What is essentially the French Independence Day. It’s known as Bastille day because on the day in 1789, the Bastille was stormed. The Bastille was a prison of the time. (It’s much written about in the Three Musketeers, which I found much more thrilling than I expected.)
Essentially, this day symbolizes the end of the King’s power, and the allocation of that power to the people. In French, it is officially called Fête Nationale <national celebration>, and casually, quatorze juillet <14th July>.
This year, the 14th of July was on a Monday. And, therefore, the parade in Montpellier was held on Sunday evening. This was really a new experience for me. There was a military marching band, and a group of fire baton twirling girls, the leader of which was a women who had to be in her early 70s!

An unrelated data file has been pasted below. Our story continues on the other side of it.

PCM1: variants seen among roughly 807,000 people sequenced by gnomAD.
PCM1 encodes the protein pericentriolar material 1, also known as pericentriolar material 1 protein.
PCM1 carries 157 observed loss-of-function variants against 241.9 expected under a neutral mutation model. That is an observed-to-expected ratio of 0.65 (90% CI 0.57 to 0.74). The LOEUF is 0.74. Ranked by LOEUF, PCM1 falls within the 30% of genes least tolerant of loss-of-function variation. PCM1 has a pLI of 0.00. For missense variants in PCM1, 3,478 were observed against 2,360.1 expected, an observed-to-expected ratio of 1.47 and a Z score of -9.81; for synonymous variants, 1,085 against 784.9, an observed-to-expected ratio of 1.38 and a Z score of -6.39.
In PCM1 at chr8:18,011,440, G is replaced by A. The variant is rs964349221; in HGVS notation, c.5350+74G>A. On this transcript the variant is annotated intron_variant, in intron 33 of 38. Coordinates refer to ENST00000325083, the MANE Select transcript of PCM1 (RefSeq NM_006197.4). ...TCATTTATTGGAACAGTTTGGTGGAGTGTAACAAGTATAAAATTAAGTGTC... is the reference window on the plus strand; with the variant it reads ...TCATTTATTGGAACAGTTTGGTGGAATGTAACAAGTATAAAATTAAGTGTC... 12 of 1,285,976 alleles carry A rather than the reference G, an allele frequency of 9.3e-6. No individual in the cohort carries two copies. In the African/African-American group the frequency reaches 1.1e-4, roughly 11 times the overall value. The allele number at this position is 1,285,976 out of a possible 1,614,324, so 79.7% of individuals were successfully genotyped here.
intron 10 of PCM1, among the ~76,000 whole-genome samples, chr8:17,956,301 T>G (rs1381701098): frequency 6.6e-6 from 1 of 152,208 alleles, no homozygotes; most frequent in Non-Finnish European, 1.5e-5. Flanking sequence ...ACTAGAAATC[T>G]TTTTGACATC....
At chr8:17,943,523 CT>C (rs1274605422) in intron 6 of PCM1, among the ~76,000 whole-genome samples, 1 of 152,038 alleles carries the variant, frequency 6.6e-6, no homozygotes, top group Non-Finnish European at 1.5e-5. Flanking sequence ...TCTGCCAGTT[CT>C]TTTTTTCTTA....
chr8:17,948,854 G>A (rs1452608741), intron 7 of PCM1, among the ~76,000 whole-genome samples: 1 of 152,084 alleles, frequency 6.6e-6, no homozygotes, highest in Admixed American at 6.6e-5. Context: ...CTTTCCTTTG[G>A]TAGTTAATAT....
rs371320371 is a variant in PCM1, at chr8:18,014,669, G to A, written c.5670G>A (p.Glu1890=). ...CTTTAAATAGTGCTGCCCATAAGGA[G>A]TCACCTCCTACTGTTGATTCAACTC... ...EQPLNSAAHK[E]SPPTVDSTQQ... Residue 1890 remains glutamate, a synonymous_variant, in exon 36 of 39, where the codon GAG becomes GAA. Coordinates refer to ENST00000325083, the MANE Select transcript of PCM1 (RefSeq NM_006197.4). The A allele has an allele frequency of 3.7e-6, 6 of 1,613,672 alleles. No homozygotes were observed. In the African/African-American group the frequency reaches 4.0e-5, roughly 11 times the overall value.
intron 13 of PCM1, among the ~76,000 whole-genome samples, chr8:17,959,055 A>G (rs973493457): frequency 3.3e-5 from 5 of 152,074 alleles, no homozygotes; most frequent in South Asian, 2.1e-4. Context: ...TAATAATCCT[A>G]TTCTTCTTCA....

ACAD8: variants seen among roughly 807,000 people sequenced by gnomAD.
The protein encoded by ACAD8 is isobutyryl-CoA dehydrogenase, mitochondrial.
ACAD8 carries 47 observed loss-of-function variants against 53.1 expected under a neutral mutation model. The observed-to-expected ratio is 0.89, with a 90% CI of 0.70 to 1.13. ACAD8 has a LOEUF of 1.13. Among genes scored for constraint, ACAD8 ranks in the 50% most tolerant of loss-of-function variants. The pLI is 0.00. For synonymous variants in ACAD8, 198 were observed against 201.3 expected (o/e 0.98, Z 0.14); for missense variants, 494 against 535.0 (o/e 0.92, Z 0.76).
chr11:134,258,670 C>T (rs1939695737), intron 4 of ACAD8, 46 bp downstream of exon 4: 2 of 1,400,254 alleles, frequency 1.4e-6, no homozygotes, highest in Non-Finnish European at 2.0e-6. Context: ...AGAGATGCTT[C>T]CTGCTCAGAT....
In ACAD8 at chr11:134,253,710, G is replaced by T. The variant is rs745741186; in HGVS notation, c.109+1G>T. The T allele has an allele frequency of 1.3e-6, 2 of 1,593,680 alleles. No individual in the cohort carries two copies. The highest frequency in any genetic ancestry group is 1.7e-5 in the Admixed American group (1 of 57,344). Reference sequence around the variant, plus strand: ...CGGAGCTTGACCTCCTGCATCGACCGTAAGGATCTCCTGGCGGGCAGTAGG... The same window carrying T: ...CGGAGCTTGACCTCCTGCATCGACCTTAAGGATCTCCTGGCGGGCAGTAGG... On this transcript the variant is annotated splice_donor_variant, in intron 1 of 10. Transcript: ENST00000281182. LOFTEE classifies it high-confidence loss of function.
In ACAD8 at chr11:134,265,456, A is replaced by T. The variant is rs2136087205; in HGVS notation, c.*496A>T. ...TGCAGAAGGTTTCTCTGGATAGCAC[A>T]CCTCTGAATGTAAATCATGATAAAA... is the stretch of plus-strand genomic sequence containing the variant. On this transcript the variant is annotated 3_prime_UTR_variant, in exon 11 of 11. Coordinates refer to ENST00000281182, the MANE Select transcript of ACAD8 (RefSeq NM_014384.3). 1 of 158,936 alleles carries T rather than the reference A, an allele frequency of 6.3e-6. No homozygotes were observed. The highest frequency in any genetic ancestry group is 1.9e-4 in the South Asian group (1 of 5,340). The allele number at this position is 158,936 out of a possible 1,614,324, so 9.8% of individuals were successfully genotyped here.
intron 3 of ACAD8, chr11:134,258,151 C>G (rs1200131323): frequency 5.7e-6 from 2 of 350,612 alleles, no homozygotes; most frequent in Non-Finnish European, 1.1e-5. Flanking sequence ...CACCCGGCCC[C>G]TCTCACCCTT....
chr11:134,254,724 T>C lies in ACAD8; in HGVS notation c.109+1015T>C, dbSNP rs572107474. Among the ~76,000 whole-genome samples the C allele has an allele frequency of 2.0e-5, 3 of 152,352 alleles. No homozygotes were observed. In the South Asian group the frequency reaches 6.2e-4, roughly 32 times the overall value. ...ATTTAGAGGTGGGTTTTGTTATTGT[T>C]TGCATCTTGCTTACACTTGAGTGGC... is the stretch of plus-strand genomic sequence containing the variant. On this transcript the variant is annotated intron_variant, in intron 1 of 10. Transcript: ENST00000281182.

After the parade past the spectators, everyone walked past them on the sidewalks and stopped again! It was really a fun way to have a parade.
On the actual 14th of July, there was a fireworks show, that was really really good. They kept up a constant flow of fireworks, and several times I thought we had reached the finale when it was only the middle. This went on for half an hour, with an ending that had so many fireworks, it was hard to see them all.